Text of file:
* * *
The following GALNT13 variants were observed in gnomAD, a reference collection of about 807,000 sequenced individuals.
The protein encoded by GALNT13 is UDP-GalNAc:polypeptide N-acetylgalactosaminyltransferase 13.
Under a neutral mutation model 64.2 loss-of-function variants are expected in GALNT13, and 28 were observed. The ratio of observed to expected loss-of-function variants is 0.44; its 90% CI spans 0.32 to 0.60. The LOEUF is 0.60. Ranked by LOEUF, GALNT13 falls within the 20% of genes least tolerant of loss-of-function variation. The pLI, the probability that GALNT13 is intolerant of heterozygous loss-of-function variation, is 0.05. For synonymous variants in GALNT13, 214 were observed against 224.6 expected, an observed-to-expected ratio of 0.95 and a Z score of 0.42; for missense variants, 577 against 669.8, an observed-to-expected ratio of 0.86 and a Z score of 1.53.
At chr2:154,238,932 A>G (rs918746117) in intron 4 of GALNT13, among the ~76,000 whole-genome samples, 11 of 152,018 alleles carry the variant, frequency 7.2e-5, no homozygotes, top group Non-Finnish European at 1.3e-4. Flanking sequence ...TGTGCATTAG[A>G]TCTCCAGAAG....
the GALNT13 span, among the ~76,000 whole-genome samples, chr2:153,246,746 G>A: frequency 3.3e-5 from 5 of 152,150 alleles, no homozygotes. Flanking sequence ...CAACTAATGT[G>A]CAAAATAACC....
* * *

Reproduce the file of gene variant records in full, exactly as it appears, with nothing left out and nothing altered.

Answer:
The following GALNT13 variants were observed in gnomAD, a reference collection of about 807,000 sequenced individuals.
The protein encoded by GALNT13 is UDP-GalNAc:polypeptide N-acetylgalactosaminyltransferase 13.
Under a neutral mutation model 64.2 loss-of-function variants are expected in GALNT13, and 28 were observed. The ratio of observed to expected loss-of-function variants is 0.44; its 90% CI spans 0.32 to 0.60. The LOEUF is 0.60. Ranked by LOEUF, GALNT13 falls within the 20% of genes least tolerant of loss-of-function variation. The pLI, the probability that GALNT13 is intolerant of heterozygous loss-of-function variation, is 0.05. For synonymous variants in GALNT13, 214 were observed against 224.6 expected, an observed-to-expected ratio of 0.95 and a Z score of 0.42; for missense variants, 577 against 669.8, an observed-to-expected ratio of 0.86 and a Z score of 1.53.
At chr2:154,238,932 A>G (rs918746117) in intron 4 of GALNT13, among the ~76,000 whole-genome samples, 11 of 152,018 alleles carry the variant, frequency 7.2e-5, no homozygotes, top group Non-Finnish European at 1.3e-4. Flanking sequence ...TGTGCATTAG[A>G]TCTCCAGAAG....
the GALNT13 span, among the ~76,000 whole-genome samples, chr2:153,246,746 G>A: frequency 3.3e-5 from 5 of 152,150 alleles, no homozygotes. Flanking sequence ...CAACTAATGT[G>A]CAAAATAACC....